Lizzie Armitstead, the 2015 world road race champion, has opened up about her experiences as regards sexism in cycling.
The British rider talked about how she has had a fair share of being treated like a lesser mortal.
According to the Guardian, the 28-year-old said that on the day she became world champion in Richmond, Virginia, Brian Stephens, the British Cycling team manager, who had been appointed her coach, was not there because he had prioritized the men’s junior team.
“I was really disappointed because I’d done everything right going into that competition and I just needed them to get it right for me on the day and they didn’t. There was a lack of leadership. They let me down big time.” she said.
In her forthcoming autobiography, written with William Fotheringham, Lizzie also talks about other examples of sexism, including women having to borrow helmets from men and being told they would be banned if they did not return them.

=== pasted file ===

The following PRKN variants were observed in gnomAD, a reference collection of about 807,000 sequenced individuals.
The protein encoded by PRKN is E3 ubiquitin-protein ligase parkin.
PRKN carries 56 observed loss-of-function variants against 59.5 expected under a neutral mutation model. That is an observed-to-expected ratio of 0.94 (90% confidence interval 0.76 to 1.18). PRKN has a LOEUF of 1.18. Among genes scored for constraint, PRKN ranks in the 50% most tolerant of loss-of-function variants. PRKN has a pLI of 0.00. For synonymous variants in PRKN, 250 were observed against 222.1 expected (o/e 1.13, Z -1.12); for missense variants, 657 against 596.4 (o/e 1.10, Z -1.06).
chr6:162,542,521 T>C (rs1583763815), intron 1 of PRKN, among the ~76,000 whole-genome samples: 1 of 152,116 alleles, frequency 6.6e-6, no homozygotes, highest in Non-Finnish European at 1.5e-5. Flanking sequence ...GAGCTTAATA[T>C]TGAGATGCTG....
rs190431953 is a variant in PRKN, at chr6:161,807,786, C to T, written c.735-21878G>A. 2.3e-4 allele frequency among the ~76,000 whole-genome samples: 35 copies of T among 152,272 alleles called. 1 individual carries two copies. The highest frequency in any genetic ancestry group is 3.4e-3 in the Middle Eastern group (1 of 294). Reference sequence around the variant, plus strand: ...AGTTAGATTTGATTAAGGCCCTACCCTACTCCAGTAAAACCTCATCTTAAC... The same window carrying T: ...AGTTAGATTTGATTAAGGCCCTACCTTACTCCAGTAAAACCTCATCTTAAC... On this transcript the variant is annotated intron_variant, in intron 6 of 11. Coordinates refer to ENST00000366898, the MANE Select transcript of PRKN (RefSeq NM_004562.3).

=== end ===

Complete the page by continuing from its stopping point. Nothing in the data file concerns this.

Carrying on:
Jess Varnish, the sprinter, in 2016 had alleged that Shane Sutton, the former British Cycling technical director told her to go away and have a baby” – claims which he denies.
Nicole Cooke, the 2008 Olympic road race champion, has also talked about women riders being treated lesser than their male counterparts.
In an interview in Saturday’s Weekend magazine, Armitstead talks about the most important inequality for her. According to her, it had been the pay.
“My prize money for winning the 2015 world championship was £2,000, and the men’s was £20,000. But the good thing from that is this year it changed. We have equal money.”